My first assessment at Addenbrooke’s was almost three weeks ago, but it seemed less than that, as we sat in the visitor room waiting for my results. After five minutes, one of the team came up to where Dan and I were sitting. This is it, I thought. “We’ve got a bit of a delay, the consultant has been called away to an emergency” she said.
After another half an hour, a familiar-looking nurse strode up and enquired “Catherine Cooper? Come this way, please”. At last, this really was it. She led us to her room, and then went back out again to get my notes.
We sat alone in the room, and Dan scrambled about to get his camera to take a shot, supposedly for posterity, but more likely for this blog, before she returned. As I sat there, I said to him, “I don’t think I’m getting it”. Surely if they were going to offer one to me, they’d have made me wait for the consultant? My heart sank.
The nurse came back, sat down, opened her file, and abruptly said “Yes, the team met this morning and would like to offer you an implant”. Silence. “Pardon?” I said, questioning what my eyes had just read from her lips. “They would like to offer you an implant” she repeated, giving a thumbs up this time.
Dan laughed, and jumped up to give me a hug. I was stunned. I didn’t quite know how to react. I was expecting the worst, and hadn’t prepared for this. Part of me thought “Wow, this is unbelievable.” But at the same time, I felt a bit disappointed. Why hadn’t I researched this years ago? Had I struggled for nothing? Why wasn’t I offered this before?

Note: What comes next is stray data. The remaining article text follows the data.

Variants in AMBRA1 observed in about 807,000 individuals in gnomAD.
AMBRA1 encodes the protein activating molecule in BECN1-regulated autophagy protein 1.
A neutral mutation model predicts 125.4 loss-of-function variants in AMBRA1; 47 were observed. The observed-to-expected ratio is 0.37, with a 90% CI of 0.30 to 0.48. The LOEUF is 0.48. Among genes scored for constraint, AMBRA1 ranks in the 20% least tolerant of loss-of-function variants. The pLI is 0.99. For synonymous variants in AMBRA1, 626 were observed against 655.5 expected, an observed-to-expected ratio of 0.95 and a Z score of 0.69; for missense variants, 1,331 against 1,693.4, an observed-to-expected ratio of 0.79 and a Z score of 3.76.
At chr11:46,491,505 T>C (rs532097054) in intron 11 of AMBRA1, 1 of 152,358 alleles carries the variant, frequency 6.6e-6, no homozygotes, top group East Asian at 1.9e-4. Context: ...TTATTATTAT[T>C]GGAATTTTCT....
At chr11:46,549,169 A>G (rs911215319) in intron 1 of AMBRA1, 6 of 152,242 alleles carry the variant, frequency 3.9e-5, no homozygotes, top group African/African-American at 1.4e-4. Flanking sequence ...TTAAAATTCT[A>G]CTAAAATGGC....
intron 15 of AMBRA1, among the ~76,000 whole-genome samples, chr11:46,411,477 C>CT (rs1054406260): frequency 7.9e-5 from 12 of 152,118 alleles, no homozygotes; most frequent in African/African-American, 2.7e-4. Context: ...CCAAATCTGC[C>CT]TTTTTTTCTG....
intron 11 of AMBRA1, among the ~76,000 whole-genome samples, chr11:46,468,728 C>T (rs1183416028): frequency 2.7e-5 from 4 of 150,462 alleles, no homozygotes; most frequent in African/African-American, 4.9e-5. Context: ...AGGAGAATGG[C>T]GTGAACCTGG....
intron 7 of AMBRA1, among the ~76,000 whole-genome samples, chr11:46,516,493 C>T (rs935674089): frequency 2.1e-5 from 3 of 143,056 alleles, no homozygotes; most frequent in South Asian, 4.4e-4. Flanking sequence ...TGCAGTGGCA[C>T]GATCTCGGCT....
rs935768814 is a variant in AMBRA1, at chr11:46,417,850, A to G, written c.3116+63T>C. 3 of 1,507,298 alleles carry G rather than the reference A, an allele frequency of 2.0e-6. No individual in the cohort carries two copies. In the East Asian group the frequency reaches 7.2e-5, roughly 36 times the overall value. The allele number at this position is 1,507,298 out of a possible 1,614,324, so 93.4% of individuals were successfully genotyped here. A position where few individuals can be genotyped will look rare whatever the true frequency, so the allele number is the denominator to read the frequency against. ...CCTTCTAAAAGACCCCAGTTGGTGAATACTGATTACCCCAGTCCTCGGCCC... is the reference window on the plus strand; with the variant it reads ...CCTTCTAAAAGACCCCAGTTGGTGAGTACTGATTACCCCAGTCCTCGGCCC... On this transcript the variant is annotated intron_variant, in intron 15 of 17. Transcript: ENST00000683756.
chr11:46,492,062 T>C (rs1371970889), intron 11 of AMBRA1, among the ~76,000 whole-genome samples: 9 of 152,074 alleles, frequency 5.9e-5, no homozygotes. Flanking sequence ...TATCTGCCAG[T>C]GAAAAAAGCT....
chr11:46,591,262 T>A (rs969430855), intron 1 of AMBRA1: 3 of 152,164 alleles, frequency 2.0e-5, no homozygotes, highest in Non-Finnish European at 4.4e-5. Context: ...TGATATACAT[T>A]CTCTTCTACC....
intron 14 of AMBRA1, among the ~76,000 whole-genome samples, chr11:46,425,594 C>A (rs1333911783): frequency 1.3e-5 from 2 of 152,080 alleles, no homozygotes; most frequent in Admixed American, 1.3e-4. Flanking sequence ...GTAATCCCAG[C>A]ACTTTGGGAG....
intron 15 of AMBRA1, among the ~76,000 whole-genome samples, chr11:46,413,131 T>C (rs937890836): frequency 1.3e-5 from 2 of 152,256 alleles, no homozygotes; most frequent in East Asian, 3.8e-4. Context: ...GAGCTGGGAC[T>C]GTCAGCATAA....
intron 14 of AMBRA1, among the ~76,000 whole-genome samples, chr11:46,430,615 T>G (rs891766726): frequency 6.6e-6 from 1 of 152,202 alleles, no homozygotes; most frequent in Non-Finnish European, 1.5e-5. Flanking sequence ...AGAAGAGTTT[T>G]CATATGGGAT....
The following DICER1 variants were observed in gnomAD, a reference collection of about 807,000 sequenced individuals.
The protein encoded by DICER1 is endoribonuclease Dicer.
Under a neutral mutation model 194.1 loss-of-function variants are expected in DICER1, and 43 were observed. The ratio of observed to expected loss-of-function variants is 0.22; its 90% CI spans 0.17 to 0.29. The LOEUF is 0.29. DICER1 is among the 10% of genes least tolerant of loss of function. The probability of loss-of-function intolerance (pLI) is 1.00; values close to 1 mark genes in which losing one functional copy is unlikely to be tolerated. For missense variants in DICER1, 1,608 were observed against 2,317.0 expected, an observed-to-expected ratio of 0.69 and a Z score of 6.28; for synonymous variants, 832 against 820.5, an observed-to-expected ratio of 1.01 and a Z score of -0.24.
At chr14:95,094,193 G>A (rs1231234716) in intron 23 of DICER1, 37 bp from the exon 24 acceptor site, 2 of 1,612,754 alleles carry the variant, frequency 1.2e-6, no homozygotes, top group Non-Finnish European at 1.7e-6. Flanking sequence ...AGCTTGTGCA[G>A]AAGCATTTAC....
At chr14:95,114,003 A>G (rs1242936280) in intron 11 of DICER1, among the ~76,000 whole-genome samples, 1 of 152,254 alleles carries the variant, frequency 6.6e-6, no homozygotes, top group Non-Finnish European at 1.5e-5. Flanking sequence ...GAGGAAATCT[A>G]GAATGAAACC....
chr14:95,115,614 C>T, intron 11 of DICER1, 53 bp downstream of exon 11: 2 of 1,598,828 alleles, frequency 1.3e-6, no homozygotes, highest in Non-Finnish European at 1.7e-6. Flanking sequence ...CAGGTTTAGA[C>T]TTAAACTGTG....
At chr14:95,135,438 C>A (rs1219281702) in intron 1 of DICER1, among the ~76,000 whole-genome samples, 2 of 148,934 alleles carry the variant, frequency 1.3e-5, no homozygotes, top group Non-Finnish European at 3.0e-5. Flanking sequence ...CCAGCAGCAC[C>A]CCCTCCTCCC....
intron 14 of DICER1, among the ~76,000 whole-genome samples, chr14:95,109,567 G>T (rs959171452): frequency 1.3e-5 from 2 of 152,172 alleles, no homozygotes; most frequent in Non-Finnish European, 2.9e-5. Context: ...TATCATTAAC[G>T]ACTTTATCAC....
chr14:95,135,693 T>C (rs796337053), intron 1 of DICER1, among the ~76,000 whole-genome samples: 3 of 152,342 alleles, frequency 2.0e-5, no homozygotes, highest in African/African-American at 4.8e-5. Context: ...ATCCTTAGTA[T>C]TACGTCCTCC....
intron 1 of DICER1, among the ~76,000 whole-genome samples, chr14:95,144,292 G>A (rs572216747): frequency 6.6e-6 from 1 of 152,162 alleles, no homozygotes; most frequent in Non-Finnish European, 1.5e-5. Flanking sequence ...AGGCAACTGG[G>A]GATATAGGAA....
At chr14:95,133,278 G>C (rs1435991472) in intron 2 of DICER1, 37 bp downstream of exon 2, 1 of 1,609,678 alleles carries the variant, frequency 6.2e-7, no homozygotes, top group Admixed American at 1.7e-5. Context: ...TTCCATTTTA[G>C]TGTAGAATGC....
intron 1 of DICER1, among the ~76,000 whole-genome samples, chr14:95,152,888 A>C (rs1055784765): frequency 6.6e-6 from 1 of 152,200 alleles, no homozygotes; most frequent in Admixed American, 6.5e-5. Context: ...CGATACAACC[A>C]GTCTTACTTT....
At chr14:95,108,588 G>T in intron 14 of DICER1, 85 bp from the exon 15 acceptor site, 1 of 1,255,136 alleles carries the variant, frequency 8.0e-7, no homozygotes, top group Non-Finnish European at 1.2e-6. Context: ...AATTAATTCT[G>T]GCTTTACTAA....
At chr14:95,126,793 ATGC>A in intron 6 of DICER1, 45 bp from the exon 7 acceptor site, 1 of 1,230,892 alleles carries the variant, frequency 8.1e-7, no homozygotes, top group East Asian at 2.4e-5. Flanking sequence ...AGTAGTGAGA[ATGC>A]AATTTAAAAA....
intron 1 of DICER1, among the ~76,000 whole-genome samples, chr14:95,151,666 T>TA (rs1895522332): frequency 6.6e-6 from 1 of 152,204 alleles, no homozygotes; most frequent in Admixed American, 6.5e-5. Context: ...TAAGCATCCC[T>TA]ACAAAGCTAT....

The nurse and Dan sat staring at me, waiting for a reaction. “Great” I garbled, still in shock. The nurse said I could go away and think about it, or decide now and fill in some forms. I nodded gently, understating a decision that might turn out to be the most significant one in my life.
We filled out the forms together, and I signed a disclaimer. I was then handed a letter for my doctor, requesting a pneumococcal vaccination, to reduce the risk of meningitis after the operation. Just the usual sort of thing. And then a further appointment was arranged for next week, to talk more about the operation and my expectations. “Keep them low”, I keep telling myself.
As Dan drove us home from Cambridge, my head cleared and excitement set in. I started to text my family and friends with the news, and received a steady trickle of congratulations and encouragement. I looked out of the window and gazed at the passing scenery, knowing this journey would become very familiar in the years ahead.
This article was first published on Catherine’s own blog, which you can find here: http://sounds-different.blogspot.co.uk/
Catherine lives in Norfolk and has a young family. Born profoundly deaf in 1978, she leads a busy life using a combination of hearing aids, lip reading and sign language. Following a deterioration in hearing in recent years, she is now in the early stages of getting a Cochlear Implant, and currently awaits feedback on her suitability. This is her story, told as it happens.
The Limping Chicken is supported by Deaf media company Remark!, provider of sign language services Deaf Umbrella, training and consultancy Deafworks, the National Deaf Children’s Society’s Look, Smile Chat campaign, and the National Theatre’s captioned plays.